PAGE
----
Will any old exercise help your patient?

So the real question should be, how specific should we be with our exercise prescription?

(Now this could have turned into an epic blog, but I have decided to keep it brief and readable!)

In my opinion WE SHOULD ALWAYS BE SPECIFIC.

Now that’s a pretty emphatic statement so I should probably add a bit of nuance to that.

For some people the term specific means that we should use a SPECIFIC exercise for a SPECIFIC problem.

The world of therapy is littered with exercises that have been held up as the ‘best’ exercise to fix a certain issue and not achieved that status, think TvA activation exercises for back pain or VMO exercise for knee pain. Being specific in this way does not appear to be warranted with the current evidence base we have.

We could also be specific to some form of physical quality like strength or range of movement. We see that in many cases when it comes to MSK pain going after a specific physical quality also does not seem to yield better results, there ARE a couple of examples of when being specific is important and I will discuss those later.

I might be bold and stick my neck out and say that non specific pain (meaning we cannot pinpoint the source), of which we seem to have a bunch of around the body, probably needs a non specific approach to exercise. This means that we cannot strongly suggest a singular exercise or a type of exercise that focuses on a physical/biomotor quality.

So why the need for Specificity?

So everything I have said so far may seem to point towards there being no real need to be specific. Does that mean that we can just give someone any old exercise and expect to see a positive result from it?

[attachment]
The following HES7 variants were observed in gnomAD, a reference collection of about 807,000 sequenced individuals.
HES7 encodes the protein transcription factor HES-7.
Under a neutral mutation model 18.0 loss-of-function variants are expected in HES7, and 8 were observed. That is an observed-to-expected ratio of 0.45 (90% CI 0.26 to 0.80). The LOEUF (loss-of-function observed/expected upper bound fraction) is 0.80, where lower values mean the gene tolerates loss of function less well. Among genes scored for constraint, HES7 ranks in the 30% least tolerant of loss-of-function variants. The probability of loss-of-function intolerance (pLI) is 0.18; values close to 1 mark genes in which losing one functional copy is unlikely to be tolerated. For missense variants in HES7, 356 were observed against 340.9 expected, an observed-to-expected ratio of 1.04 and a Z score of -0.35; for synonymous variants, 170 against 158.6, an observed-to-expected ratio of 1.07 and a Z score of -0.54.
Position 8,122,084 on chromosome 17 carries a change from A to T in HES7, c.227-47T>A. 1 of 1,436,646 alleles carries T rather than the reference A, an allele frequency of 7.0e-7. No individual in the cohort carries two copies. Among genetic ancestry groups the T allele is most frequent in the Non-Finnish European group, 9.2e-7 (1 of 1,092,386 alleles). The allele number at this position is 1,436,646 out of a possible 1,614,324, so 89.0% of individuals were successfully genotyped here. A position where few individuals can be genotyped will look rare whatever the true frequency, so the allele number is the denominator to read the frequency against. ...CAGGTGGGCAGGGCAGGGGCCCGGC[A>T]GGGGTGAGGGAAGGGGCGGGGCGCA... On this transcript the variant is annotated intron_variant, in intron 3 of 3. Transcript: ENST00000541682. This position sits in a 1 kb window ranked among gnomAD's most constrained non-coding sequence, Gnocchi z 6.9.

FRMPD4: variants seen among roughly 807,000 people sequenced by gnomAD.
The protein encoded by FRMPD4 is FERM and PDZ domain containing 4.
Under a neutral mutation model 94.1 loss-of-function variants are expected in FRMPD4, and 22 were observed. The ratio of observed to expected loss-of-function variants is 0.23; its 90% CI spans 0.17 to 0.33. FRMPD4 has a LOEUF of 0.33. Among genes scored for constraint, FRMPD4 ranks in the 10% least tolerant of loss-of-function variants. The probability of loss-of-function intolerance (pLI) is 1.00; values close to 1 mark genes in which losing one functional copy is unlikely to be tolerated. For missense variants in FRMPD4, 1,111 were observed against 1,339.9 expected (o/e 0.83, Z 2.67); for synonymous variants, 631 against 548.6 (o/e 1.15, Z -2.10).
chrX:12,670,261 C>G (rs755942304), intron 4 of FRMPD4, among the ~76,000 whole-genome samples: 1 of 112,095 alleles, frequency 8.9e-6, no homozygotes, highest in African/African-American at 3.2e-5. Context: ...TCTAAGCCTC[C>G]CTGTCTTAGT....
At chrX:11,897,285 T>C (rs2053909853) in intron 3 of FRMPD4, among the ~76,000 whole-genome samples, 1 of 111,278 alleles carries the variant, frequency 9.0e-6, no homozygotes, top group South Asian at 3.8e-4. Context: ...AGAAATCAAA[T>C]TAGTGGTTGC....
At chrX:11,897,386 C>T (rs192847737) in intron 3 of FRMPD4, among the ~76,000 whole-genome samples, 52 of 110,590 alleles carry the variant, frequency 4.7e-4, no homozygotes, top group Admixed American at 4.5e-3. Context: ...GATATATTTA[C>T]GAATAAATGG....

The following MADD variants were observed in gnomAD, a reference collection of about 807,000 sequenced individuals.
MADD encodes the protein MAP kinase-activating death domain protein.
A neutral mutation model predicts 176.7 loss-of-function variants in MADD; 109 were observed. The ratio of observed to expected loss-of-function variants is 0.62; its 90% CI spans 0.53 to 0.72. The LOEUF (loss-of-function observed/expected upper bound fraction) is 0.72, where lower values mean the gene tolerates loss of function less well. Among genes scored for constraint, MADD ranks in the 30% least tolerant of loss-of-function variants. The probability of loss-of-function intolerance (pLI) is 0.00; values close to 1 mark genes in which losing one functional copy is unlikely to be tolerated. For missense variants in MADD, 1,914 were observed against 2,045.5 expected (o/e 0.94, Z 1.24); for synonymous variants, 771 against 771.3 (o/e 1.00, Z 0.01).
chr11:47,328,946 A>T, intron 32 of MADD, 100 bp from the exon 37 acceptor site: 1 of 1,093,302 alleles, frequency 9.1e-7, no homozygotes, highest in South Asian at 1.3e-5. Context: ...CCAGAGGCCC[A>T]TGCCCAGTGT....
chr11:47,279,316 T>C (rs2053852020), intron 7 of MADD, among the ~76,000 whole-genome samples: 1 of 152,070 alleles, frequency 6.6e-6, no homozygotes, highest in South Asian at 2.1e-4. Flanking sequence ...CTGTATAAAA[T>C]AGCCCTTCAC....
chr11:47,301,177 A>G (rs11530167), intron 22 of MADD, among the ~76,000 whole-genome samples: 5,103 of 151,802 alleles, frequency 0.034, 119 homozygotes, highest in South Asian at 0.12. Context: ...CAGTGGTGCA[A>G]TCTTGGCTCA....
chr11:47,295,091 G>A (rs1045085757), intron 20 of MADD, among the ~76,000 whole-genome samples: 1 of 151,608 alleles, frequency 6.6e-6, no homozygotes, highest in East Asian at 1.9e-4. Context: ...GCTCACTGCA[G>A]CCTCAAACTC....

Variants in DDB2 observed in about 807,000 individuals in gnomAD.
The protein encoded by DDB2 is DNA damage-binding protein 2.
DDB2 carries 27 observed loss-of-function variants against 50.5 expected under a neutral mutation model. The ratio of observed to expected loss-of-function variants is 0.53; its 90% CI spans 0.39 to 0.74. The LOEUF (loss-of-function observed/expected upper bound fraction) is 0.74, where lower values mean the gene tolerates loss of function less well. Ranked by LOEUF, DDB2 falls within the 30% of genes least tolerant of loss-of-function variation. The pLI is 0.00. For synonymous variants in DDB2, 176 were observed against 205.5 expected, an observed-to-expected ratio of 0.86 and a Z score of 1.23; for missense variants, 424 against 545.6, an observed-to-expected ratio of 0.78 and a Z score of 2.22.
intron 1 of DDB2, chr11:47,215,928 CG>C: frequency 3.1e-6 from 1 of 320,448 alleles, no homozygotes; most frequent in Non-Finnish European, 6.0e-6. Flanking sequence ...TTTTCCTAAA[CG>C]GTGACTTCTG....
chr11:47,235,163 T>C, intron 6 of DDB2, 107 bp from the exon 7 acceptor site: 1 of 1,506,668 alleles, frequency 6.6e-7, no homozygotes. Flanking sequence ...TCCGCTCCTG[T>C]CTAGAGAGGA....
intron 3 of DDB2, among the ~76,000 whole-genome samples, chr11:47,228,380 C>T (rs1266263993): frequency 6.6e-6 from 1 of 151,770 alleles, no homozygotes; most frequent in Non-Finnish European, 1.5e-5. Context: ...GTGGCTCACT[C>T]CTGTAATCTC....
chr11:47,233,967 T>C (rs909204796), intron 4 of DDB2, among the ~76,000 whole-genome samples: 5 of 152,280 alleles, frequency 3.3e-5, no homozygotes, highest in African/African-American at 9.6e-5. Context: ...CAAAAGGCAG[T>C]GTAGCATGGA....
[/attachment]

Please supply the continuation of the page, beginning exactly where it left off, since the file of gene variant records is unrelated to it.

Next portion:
I don’t think so.

Any application of exercise should come with some form of reasoning and we should start with the end in mind.

What SPECIFIC effect do we want from our exercise?

This will be SPECIFIC to the person and their current issue or goal. This means that the reasoning approach is always specific but the application may not always be the same.

So rather than be SPECIFIC to a type of exercise or presentation we are being SPECIFIC to the PERSON standing in front of us.

WHAT do we want?

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There are many different outcomes that we may want to achieve from our application of exercise and we find we can influence lots of different elements of human function.

To make things a bit simpler and more organised we could make some broad categories.

Capacity

This could be tolerance of a specific tissue such as a tendon or muscle although we still have not quite worked out the relationship between pathology and pain here.

There may also be clearly defined scenarios where we do see the need for specific biomotor qualities, such as strength needing to be addressed post operatively.

Pain

Pain relief maybe another specific outcome that you want to achieve from your exercise prescription.

It seems here that lots of types of exercise may create analgesic effects. Isometrics are the flavour of the month at the moment but both strength training and cardio training also have the potential to create analgesic responses.

I am still slightly on the fence about the usefulness of short term responses for all but I can see a clinical need with some groups of patients.

Belief